Can the NHL All-Star Game Survive?

The Winter Classic has proven to be an overwhelming success for the NHL, and the biggest eyeball magnet on its calendar outside of the Stanley Cup Final. And because of that, the All-Star Game — already regulated to something meaningless enough to skip during Olympic years — loses even more of its luster. Yes, that no-contact game of shinny among the league's wealthiest players seems to carry less weight year after year.

With that in mind, one really has to wonder what the purpose is for the All-Star Game. Most fans approach it with a mild level of interest, even though everyone seems to enjoy the skills competition. In general, fan voting is more about bragging rights on message boards, and it has little to do with the actual popularity of the event. Even the wrinkle thrown into this year's game — the so-called Fantasy Draft — seems like it will do little to benefit the quality of the game.

The old answer used to be that the All-Star Game was used as a schmooze fest for sponsors, but even that function has been transferred to the Winter Classic. It may be worth something to fledgling TV carrier Versus, but it's not going to make a dent in NBC's ratings; hence, why the whole thing was relegated to cable in the first place.

So what do you do with the All-Star Game? These types of festivities used to carry more mystique among fans back when you rarely got to see players from other teams and conferences. But now, between online highlights, Center Ice packages, local cable broadcasts, Versus games, and the additional games that FOX Sports and Comcast SportsNet channels pick up, hockey fans have plenty of ways to see their favorite players. The novelty simply isn't there anymore. Major league sports have faced this dilemma for a while now, with baseball tinkering the All-Star Game to assign value to the outcome.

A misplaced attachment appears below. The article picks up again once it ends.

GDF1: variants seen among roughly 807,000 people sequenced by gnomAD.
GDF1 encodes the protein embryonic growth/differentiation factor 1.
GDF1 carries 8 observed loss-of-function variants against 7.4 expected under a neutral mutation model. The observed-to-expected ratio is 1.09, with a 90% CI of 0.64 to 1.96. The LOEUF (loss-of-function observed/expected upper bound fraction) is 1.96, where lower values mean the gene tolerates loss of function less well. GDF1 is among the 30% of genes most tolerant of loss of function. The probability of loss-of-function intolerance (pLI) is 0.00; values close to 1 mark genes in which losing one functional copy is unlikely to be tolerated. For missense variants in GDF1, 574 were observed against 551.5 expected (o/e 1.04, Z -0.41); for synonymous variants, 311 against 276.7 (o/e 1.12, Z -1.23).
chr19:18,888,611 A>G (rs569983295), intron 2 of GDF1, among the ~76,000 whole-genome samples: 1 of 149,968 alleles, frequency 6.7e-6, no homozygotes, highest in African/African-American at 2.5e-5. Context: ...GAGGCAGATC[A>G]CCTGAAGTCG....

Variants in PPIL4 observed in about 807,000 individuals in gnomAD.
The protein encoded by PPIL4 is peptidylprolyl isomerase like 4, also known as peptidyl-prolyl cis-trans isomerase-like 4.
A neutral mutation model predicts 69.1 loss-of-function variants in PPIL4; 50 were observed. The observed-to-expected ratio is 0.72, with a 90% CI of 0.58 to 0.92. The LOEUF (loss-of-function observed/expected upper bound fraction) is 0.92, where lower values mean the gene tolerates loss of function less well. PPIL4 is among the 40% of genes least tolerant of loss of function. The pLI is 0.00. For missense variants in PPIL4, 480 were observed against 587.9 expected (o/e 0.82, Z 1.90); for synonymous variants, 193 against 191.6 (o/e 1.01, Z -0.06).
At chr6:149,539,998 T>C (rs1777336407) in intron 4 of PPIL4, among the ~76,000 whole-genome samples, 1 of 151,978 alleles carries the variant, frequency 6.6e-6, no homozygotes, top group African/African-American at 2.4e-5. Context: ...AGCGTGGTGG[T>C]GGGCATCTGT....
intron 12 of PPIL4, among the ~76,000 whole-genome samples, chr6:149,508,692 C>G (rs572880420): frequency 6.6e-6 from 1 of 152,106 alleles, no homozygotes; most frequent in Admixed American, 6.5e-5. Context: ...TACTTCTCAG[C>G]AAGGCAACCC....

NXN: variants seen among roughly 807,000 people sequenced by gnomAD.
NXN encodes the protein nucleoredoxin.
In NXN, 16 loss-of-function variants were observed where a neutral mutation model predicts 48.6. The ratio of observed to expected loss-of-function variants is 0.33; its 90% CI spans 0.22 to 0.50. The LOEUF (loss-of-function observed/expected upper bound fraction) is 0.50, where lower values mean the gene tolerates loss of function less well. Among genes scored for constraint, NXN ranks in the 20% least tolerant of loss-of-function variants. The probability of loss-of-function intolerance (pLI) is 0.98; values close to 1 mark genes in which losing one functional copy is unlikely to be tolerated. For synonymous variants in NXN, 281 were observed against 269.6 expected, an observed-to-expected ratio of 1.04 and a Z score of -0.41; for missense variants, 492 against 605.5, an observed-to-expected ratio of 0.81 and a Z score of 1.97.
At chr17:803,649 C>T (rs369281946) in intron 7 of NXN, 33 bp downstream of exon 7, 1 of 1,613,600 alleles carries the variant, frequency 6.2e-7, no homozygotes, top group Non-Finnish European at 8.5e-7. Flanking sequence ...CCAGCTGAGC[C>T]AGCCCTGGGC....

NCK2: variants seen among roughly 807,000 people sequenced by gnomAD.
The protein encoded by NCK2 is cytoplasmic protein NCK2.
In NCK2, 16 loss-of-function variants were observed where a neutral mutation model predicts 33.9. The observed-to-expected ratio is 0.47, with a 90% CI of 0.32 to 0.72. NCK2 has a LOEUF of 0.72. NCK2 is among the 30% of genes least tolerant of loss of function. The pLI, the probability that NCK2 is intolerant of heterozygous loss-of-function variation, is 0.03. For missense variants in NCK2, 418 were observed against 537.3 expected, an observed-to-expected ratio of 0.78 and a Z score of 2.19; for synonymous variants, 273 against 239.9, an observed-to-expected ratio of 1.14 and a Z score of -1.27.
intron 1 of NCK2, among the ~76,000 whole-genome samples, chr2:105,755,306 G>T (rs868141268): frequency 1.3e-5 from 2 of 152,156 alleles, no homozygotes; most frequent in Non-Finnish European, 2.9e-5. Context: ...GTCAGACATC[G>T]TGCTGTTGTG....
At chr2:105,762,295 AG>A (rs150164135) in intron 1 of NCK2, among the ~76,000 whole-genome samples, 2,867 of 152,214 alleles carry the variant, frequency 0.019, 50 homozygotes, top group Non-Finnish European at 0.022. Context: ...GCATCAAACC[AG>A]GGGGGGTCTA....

With the big outdoor game coming roughly at the halfway point in the season, does it make sense to tack the all-star festivities on to the heels of the Winter Classic? Here's the thinking ... we can have the WInter Classic as a regular season game on whatever day of the week that New Year's Day falls upon, the all-star combination of a skills competition and shinny game could still take place a day or two later, with the preference to be a shoehorned Friday-Saturday event.

What benefit does this have? For one, it essentially creates a combined week of hype and buzz instead of the separate events where the Winter Classic clearly is the prettier sister. By opening the game up to a stadium capacity, the casual fan can now purchase a ticket (the current incarnation has attendees comprised of season ticket holders and sponsors). The visuals of having the league's best and brightest in the great outdoors are a great marketing ploy. And the pace of the All-Star Game opens itself to the wide outdoor camera shots that currently can't keep up with the action of a real game.

The downside of this is that the All-Star Game — currently used as an award for new buildings — may have limited locations to pick from. For fans, missing out on the actual game may not be a big deal but the annual fan convention that goes on through all-star weekend is a hockey lover's paradise.

It's one of the few ways to keep the event while maximizing the uniqueness that comes with Winter Classic venues; also, it acknowledges its place as secondary on the NHL event calendar. It works out for everyone without devaluing the Winter Classic.

Of course, this can all be adjusted based on the NHL's willingness to test unconventional markets. The other idea is to do away with the All-Star Game completely, but taking the Winter Classic and extending the built facility's usage to an entire week seems to be the proverbial two birds with one stone.

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